When a shipment of avocados arrives at an importer in the Netherlands, each fruit goes down a conveyor belt and two things happen: First, a machine applies an invisible, edible coating to help the avocado last longer. Next, the machine uses hyperspectral imaging—the same tech used by NASA to look for life on Mars—to look inside the fruit without removing the peel.
“This technology gives us the ability to see things about fruits and vegetables that you just couldn’t see before with the naked eye,” says James Rogers, CEO of Apeel, the California-based company that makes the technology. The company, founded in 2012, first began working on food waste by developing its food-based coating to act like a second peel to protect food; it can make it last twice as long. (So far, the company has applied the coating to avocados, apples, limes, oranges, mandarins, lemons, and plastic-free cucumbers.) Today, Apeel announced that it has acquired ImpactVision, another startup, so that it could add imaging to its equipment.
As the equipment bounces light off a piece of fruit—and some of that light goes inside the fruit—it’s possible to gather data on exactly how ripe and fresh it is, and to make decisions about how long it will last and where it should be delivered. At a distribution center in California, for example, “If this avocado’s going to expire tomorrow, you probably send it to the guacamole factory next door,” Rogers says. “If this avocado’s going to be in perfect condition in four days, maybe it goes on a truck to the Northeast.”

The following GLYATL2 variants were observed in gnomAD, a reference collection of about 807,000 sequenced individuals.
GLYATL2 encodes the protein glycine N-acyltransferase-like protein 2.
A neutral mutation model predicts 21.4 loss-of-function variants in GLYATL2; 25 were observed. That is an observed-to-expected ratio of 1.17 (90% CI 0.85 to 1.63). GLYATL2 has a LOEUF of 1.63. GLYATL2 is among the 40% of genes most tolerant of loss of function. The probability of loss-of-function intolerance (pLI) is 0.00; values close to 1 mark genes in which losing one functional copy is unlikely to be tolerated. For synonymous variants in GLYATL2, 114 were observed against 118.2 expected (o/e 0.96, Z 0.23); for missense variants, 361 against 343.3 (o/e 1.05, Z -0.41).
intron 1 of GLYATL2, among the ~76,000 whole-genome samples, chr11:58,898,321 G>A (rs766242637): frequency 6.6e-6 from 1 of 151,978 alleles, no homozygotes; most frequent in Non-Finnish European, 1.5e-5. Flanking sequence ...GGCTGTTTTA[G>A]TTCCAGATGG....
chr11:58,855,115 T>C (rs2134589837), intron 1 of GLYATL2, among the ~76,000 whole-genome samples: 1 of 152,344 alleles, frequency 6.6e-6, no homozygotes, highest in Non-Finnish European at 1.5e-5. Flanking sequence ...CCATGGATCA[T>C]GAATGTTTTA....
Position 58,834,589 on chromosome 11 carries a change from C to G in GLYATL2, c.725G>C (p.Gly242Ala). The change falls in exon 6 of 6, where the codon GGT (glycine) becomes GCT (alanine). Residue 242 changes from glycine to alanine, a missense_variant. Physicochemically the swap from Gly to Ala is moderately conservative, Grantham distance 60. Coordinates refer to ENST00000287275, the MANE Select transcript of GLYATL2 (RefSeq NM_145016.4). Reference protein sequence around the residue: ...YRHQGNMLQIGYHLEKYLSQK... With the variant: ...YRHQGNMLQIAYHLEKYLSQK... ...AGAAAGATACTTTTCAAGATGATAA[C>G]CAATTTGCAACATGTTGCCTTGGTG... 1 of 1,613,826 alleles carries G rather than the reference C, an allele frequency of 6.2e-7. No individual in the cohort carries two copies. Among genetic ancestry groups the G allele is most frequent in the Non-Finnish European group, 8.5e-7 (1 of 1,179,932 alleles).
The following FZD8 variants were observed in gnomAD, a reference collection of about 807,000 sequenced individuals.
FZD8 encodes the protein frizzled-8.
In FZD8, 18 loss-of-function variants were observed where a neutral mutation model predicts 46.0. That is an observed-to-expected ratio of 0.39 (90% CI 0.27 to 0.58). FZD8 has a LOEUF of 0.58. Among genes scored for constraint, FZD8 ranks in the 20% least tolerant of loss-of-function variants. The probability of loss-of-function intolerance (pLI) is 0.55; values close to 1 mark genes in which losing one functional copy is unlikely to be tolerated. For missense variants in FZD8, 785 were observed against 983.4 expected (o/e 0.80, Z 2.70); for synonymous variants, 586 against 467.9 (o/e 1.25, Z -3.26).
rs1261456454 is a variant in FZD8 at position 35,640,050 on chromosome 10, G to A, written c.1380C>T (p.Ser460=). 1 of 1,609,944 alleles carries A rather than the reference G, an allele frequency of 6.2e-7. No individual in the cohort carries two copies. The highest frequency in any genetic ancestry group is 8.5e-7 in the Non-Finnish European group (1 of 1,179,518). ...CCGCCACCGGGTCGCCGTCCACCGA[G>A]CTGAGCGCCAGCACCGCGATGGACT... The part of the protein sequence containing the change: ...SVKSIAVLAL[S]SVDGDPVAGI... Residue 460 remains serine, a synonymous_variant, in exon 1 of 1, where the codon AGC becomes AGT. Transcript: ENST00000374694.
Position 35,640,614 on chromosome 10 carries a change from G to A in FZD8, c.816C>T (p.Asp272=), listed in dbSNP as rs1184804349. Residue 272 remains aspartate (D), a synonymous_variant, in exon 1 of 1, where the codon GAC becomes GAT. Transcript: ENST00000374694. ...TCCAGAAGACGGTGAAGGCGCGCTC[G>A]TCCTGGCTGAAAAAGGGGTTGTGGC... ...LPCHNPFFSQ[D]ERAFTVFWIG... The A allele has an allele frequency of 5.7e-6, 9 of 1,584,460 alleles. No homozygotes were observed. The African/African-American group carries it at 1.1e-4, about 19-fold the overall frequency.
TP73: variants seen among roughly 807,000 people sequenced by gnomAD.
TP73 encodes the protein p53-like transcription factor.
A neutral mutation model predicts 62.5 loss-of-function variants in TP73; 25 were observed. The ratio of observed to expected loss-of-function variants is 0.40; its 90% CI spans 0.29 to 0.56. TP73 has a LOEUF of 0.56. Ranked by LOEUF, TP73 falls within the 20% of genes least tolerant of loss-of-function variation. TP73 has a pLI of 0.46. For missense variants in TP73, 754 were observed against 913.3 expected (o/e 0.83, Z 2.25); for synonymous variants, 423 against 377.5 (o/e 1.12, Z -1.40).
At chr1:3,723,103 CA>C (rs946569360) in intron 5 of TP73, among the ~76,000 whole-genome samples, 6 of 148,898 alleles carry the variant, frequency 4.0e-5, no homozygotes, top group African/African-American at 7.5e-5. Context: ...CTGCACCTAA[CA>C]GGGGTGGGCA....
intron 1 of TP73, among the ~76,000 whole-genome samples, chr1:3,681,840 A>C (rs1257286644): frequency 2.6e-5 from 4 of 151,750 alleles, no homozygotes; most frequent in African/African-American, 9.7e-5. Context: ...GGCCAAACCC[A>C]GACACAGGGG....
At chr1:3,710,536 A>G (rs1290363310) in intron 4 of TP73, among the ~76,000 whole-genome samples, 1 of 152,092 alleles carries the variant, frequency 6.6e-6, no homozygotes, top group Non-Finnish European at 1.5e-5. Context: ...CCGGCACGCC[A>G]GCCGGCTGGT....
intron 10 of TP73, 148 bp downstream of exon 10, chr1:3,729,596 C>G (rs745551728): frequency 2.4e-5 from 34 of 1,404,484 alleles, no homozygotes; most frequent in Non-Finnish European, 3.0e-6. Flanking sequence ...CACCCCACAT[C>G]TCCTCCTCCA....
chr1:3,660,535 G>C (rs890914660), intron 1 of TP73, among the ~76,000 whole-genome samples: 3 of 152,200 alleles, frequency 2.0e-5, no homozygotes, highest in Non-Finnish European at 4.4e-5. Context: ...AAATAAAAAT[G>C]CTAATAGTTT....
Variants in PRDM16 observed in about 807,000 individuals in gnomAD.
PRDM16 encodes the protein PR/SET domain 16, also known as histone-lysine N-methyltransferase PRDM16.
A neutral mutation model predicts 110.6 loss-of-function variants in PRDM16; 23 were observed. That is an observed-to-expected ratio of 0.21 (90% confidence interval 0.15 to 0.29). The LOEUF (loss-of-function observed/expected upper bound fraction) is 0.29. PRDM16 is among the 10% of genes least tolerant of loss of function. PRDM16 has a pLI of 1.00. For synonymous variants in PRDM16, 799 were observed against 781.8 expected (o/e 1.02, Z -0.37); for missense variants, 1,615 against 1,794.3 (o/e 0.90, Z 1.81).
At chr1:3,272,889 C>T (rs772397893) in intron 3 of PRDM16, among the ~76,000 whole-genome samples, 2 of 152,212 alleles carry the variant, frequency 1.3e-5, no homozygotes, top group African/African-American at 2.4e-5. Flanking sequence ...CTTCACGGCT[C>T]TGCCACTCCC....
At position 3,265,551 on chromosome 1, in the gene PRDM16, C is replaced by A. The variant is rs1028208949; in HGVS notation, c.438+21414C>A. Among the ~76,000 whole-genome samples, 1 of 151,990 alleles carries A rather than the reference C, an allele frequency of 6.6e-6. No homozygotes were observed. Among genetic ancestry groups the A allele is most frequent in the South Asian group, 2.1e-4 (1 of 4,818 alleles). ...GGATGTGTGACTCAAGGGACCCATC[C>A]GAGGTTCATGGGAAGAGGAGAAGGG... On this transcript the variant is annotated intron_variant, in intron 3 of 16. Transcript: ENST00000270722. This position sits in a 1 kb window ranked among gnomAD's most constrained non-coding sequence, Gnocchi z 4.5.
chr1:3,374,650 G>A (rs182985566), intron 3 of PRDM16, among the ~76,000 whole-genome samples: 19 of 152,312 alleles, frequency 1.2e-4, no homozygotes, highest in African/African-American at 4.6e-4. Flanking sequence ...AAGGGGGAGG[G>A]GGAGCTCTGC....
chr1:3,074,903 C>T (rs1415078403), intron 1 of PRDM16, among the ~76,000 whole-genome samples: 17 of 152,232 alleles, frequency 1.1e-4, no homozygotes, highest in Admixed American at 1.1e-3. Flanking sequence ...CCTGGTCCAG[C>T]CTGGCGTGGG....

That’s information that wasn’t simple to predict before, since a given avocado or cucumber won’t last for a set number of days. “How that avocado behaves after it’s been picked actually is a function of the weather,” he says. “It’s a function of the growing environment. It’s a function of how it was handled. You introduce all this additional variability into something that was already variable. And so being able to take a measurement of individual pieces of produce, and know exactly what’s going on with that piece of fruit or vegetable, adds a level of predictability and quality assurance to the supply chain which is not a staple of the food system today.”
The new imaging also yields other data, including the nutritional content, which varies from one avocado to the next. Eventually, a label at a grocery store could share that with customers, along with a precisely timed expiration date.
The company is rolling the new feature out across all of its equipment, and some customers are already using it, such as Nature’s Pride, the largest avocado importer in Europe. “By integrating this technology into their facilities, we now give them the ability to look at the produce after it’s arrived, and then make determinations about what kind of ripening conditions that produce should experience before it goes on to their customers,” Rogers says. “And that’s allowed them to rethink the way that they do their operations today. So instead treating everything coming in the same way, and then culling out the waste as a result, [they can] bring the fruit in, measure it, figure out which produce is going to behave in what ways, and treat it…how it should be treated optimally.”